Guest post: Five lessons in business from Muthuri Kinyamu

In an exclusive post for HumanIPO, Muthuri Kinyamu of social media agency Social Edge Africa shares five lessons he has learnt about business from working in start-ups and small and midsized companies in various sectors, as well as setting up his own company. He specifically focuses on start-up entrepreneurs in Africa and those who want to get into business in the near future.


1. You’ve got to know your sport!

We’ve got loads of people who go into business without getting their facts right. A good number doesn’t have information and recent data to guide their strategy and help them understand the industry, and sadly our people perish from lack of up to date, reliable information and data. You need this to create a value proposition for your service or product. Why? Before you go to pitch to clients, investors etc you need to have hard data from credible sources to back up your arguments, or else you will sound very shoddy! Before you take that leap into business please do your research well, identify the gaps, see the challenge, then package your business to tackle or address a specific problem or need in the market. Before you create another social network for Africans or Kenyans ask yourself exactly why people should join it!

2. Have a business model.

This is simple, how do you make money? What are your revenue streams or sources? You’ve got to know how you will make the money otherwise you aren’t in business. Every app you develop isn’t a company, can you monetize your stuff? Who pays for it? Is yours a B2C or a B2B company? Participating in hackathons is good, if you win there’s good PR coverage for you, prize money and gift hampers, but that’s not why you exist as a company. Press coverage doesn’t pay your bills and in most cases what you get is an inbox full of congratulatory messages from friends and enemies alike and a few new followers on Twitter! I see lots of social businesses which operate like NGOs, because their founders are always looking for grants and support from companies. It’s not bad if there’s a UN body that pays your office rent and administrative costs, however you need a model that can sustain itself economically.

3. Know where to fish!

Know where to sell, how do you approach these customers? Where are they found? Where do they hang out? Do you have people on the inside? How good are your networks?  After you have a business model in place, please understand you are a start-up. Don’t start an events management firm then walk into Coca Cola and ask to organise their next big launch or pitch for the next Guinness experiential deal! Not unless you really have some good financial capacity to execute their big ideas. Please remember you don’t even have a good portfolio that you can showcase in the pitch. Worse still do you have good answers to questions like “who are you, where else have you done this, why can you do it better than others”? So where do you start? Friends, family, former colleagues, the last company you worked for are good places to approach, seek leads and get introductions to a few key decision makers in the companies in your prospect list.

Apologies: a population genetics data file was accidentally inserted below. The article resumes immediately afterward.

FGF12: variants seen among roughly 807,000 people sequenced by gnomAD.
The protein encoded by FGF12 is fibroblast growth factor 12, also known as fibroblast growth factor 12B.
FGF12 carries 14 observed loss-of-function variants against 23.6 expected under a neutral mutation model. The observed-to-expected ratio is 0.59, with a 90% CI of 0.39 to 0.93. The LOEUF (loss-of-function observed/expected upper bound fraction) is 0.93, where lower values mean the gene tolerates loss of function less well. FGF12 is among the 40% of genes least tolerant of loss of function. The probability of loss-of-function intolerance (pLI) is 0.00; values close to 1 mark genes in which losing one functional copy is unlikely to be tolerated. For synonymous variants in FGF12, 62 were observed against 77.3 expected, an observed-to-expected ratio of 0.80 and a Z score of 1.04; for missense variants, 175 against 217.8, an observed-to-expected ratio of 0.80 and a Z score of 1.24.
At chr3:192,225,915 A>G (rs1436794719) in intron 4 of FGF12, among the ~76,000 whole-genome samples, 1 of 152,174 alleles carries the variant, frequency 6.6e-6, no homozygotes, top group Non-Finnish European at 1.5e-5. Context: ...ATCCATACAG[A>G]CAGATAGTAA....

Think about high value clients that can pay for your product or service when you deliver. They could be individuals, small and medium sized companies, NGOs, schools etc. Focus on working where there’s less competition.

4. Can you deliver?

Preparing a PowerPoint with all the good ideas and concepts you copied online is really simple. So here you have landed the deal, you have the LPO with you. Do you have a talented team to deliver in place? Do you have the finances?  Most start-ups shut down here, because they simply didn’t deliver on what they promised! If you nodded yes to all those ideas the client floated here’s the time you do the real thing, the fancy things you said you can do, the apps, the 3D games, cool sites. My advice to you is please don’t promise what you can’t deliver if you want to build a good mutual business relationship with the client you have. If you are a cab company and you said you have a fleet of 15 cars in your proposal yet in reality you have 2 please know where to get the other 13. Business isn’t that easy, and it gets tougher when you can’t deliver.

5. You’ve got the cheque, what next?

Here’s where another load of the “would be” successful guys fail! With all the hustle and hard work, money is now here, the bank balance looks pretty fine. The bank now even calls to ask whether you need a loan, overdraft facilities etc! Sounds good? Middle class indulgence sets in, for some guys the wardrobe changes, it’s time to move to a bigger crib in a better neighbourhood, there’s a new car, and people start serious partying. What I am trying to say here is, when that big break comes, please re-invest part of the money into the business to boost your technical, financial and human resource capacity. This sounds boring to most of the young guys reading this but if you burn the mullah on liabilities you’ll find yourself in the position you started! You may consider giving a bonus to your hardworking team to keep their spirits and morale high, it’s also time to give contracts to one or two talented interns that you have already with you. Always know that a company is a good as the people it keeps. After the first big break IT’S NOT YOUR TURN TO EAT!!!!

Muthuri Kinyamu is the business director at Social Edge Africa, a social media agency that handles strategy, monitoring, evaluation and management of brands on social networks. You can follow Muthuri Kinyamu @KenyanMarketer and reach him through [email protected].

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